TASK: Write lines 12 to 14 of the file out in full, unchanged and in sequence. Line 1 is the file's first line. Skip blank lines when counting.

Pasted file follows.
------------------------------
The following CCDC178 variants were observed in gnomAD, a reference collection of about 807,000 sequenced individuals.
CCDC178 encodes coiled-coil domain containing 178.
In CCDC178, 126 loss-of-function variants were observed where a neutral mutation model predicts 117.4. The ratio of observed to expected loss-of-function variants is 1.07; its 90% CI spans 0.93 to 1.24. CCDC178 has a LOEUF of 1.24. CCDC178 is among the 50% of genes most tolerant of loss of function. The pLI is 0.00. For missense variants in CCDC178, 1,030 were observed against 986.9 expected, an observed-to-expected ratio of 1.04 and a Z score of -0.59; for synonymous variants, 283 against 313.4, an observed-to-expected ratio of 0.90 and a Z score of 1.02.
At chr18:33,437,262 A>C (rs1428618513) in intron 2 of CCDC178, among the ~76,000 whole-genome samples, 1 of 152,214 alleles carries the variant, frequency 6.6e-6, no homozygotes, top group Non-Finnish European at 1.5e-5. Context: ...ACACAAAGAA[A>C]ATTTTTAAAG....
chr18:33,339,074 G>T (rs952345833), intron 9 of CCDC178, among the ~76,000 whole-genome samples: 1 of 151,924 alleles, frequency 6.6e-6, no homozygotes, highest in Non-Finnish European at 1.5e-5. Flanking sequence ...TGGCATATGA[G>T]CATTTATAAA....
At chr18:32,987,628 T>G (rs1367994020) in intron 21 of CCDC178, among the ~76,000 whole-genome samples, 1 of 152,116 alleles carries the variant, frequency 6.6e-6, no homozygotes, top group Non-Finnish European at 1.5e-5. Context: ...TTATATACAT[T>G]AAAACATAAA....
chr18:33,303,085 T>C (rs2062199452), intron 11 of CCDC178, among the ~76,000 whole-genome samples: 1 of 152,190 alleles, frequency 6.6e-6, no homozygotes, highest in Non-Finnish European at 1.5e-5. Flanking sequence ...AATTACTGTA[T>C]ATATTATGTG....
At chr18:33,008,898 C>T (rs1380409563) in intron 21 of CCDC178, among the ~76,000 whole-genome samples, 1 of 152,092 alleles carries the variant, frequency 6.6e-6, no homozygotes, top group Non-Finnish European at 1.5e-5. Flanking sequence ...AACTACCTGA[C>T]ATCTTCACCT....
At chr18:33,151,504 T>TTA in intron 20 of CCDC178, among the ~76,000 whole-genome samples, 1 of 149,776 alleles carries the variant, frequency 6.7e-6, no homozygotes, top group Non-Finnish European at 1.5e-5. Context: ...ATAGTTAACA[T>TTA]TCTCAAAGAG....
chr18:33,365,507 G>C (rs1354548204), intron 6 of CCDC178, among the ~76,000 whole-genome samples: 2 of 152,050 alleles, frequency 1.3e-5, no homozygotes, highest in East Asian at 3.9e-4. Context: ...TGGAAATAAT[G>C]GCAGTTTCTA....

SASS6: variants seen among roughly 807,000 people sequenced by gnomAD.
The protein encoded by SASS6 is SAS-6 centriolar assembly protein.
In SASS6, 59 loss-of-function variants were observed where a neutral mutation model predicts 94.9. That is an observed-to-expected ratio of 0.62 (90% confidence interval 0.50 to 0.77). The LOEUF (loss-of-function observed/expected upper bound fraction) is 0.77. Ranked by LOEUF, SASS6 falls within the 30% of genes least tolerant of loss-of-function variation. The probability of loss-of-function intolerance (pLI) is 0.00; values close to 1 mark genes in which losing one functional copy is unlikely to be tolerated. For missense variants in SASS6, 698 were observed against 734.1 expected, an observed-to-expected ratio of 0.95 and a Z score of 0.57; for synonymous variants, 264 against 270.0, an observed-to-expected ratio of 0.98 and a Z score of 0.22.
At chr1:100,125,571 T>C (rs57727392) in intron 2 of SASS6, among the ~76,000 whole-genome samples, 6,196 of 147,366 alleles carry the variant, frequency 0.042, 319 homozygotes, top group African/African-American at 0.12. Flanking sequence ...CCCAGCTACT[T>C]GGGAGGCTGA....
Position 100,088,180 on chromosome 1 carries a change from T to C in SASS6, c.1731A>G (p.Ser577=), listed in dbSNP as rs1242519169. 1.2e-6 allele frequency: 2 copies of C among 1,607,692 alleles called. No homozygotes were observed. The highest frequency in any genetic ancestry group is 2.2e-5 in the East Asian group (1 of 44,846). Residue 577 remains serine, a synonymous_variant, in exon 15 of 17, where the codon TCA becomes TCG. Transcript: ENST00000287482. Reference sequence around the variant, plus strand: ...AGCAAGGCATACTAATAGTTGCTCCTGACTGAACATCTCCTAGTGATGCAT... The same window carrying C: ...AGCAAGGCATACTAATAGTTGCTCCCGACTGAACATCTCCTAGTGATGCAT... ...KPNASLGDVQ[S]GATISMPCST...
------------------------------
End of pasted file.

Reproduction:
The protein encoded by SASS6 is SAS-6 centriolar assembly protein.
In SASS6, 59 loss-of-function variants were observed where a neutral mutation model predicts 94.9. That is an observed-to-expected ratio of 0.62 (90% confidence interval 0.50 to 0.77). The LOEUF (loss-of-function observed/expected upper bound fraction) is 0.77. Ranked by LOEUF, SASS6 falls within the 30% of genes least tolerant of loss-of-function variation. The probability of loss-of-function intolerance (pLI) is 0.00; values close to 1 mark genes in which losing one functional copy is unlikely to be tolerated. For missense variants in SASS6, 698 were observed against 734.1 expected, an observed-to-expected ratio of 0.95 and a Z score of 0.57; for synonymous variants, 264 against 270.0, an observed-to-expected ratio of 0.98 and a Z score of 0.22.
At chr1:100,125,571 T>C (rs57727392) in intron 2 of SASS6, among the ~76,000 whole-genome samples, 6,196 of 147,366 alleles carry the variant, frequency 0.042, 319 homozygotes, top group African/African-American at 0.12. Flanking sequence ...CCCAGCTACT[T>C]GGGAGGCTGA....